Now that the city's established society has fled the flashbulbs for the relative privacy of their Mongiardino-designed dining rooms, New York's nocturnal Scene has been colonized by a youthful new breed: a traveling circus of twentysomething socialites, bankers, novelists, models, actors, and starstruck journalists who scribble down their every sneeze. A brand-new group of hostesses has emerged to satisfy the fickle nocturnal longings of this swell set: seven very young, very ambitious women who are taking their turn as the latest divas of the demimonde. And as befits this increasingly commercial age, they're all publicists.
Meet the Seven Sisters: In addition to Shriftman and her partner, Elizabeth Harrison, who rep fashion and luxury lifestyle products like Motorola and Gucci, there's Lizzie Grubman, the 27-year-old who is the reigning queen of New York nightlife: Her clients include Moomba, Sony Music, and Shine. Then there's 28-year-old Ally b. and 24-year-old Jennifer Posner, whose company, PB&J, does P.R. for hip-hoppish clients like Loud Records and Tommy Hilfiger Jeans. Rounding out the clique are 27-year-olds Shari Misher and Lauren London, who rep trendy restaurants like Lot 61 and upscale charity events.
Over the past year, the girls have formed a distinct social unit in the nightlife of the city, traveling in packs from party to party, presiding over tablefuls of celebrities like Dennis Hopper and Minnie Driver, club-hopping all night with Puffy and Mase. In New York, scarcely a week goes by without one of them throwing an event. Their carefully groomed guest lists are a supersensitive barometer of the city's junior social hierarchy: who's hot, who's not, who's in and who's out, who's, "like, totally washed up."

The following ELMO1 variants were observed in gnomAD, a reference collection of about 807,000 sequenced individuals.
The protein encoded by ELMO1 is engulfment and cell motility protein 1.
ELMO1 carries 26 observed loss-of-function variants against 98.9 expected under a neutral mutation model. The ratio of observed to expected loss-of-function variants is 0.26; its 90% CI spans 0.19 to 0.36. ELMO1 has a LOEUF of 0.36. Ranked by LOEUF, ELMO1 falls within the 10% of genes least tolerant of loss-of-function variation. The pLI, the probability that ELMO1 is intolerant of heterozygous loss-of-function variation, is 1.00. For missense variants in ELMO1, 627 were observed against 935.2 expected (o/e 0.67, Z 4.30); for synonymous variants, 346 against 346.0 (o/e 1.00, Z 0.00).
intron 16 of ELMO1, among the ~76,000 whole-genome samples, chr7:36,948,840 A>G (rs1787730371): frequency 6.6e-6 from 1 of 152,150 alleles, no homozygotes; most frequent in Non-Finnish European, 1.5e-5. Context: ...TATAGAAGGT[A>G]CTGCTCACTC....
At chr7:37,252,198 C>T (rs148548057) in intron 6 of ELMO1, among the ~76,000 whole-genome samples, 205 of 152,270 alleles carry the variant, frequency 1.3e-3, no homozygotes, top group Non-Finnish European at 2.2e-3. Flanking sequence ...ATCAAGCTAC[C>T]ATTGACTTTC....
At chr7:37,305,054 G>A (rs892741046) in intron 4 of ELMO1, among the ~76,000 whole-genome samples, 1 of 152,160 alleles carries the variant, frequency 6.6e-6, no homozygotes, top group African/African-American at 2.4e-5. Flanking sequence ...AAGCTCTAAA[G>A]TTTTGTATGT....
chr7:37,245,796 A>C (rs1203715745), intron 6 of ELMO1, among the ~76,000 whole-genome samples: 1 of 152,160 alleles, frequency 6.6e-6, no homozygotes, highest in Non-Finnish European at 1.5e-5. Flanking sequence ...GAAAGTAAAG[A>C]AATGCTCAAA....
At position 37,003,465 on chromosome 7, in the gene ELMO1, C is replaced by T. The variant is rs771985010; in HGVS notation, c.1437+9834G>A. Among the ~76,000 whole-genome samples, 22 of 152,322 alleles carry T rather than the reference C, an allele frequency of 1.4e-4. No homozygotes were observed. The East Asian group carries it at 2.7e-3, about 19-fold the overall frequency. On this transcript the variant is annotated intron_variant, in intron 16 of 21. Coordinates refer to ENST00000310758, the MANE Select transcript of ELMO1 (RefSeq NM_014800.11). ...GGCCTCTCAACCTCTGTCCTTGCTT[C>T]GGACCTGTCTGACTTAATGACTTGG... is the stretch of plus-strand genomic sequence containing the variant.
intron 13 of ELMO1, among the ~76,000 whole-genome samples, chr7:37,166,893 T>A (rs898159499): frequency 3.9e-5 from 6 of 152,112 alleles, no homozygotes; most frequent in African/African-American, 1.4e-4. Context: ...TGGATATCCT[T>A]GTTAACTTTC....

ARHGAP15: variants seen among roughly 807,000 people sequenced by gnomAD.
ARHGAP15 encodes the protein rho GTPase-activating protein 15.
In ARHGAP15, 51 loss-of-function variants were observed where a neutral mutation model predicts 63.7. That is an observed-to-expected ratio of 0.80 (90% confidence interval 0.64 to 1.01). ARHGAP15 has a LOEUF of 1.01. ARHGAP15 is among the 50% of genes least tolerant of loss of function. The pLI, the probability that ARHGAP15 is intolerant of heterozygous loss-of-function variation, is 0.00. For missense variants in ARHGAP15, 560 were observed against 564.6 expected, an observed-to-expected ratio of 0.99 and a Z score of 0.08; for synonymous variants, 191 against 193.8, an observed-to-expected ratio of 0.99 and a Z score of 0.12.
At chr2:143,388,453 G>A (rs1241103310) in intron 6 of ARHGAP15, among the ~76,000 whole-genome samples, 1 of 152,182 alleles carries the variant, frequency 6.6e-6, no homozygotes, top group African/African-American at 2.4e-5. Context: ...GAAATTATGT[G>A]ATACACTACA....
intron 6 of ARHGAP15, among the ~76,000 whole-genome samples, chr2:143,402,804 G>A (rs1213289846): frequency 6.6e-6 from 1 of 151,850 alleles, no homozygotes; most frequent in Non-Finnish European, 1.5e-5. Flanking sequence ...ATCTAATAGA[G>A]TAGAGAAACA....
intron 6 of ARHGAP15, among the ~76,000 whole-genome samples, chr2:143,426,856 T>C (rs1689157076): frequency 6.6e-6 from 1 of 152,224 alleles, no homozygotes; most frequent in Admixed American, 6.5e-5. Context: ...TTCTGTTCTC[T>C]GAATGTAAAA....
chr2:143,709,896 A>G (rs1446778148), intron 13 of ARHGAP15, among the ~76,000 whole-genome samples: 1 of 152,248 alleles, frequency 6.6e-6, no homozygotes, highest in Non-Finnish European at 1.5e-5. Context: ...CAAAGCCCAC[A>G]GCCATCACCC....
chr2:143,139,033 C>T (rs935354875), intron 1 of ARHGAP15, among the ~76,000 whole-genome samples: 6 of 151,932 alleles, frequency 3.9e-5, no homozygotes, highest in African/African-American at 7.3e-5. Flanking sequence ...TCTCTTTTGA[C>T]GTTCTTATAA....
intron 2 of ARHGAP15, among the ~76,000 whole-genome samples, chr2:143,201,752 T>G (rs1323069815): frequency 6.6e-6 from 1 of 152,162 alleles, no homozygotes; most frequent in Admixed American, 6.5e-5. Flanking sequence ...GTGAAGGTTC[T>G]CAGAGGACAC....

"No one our age likes stuffy cocktail parties," says Dylan Lauren, the 23-year-old daughter of Ralph and a budding event planner herself. "We like to socialize with people our age -- most of us have as much power as older guys in suits, and soon enough, we'll have more than them."
This year, sources claim, both Grubman and Harrison & Shriftman billed nearly $1 million; their MTV-paced flurry of girl-talking, air-kissing, name-dropping, and gift-giving has helped coat a diverse range of products -- from Motorola to Method Man, A.O.L. to Nine West -- with a dusting of youthful cachet. "These girls live the life," says Peggy Siegal, the prickly P.R. powerhouse whom many of the girls cite as a role model. "Personal life, public image -- it's all so intertwined that there's hardly a way to tell the difference anymore. But that's how you make the bucks."
"Let's say you're like me," explains Jen Posner on a recent night at Moomba, over an intimate dinner with client Tommy Hilfiger and her partner, Ally b. "You're 24, you were brought up in a certain way, you like to be social, you love to talk on the phone, but you don't know what to do with your life." She giggles. "There's really only one thing to be: a publicist."
"My girls are my conduit to the underground," pipes in Hilfiger, putting his arms around the women. "I need to be connected to the right young people, and everybody loves these two." Pecking him on either cheek, the two girls giggle in unison. "We love you so much," trills Ally b., bouncing up and down in her Prada stilettos.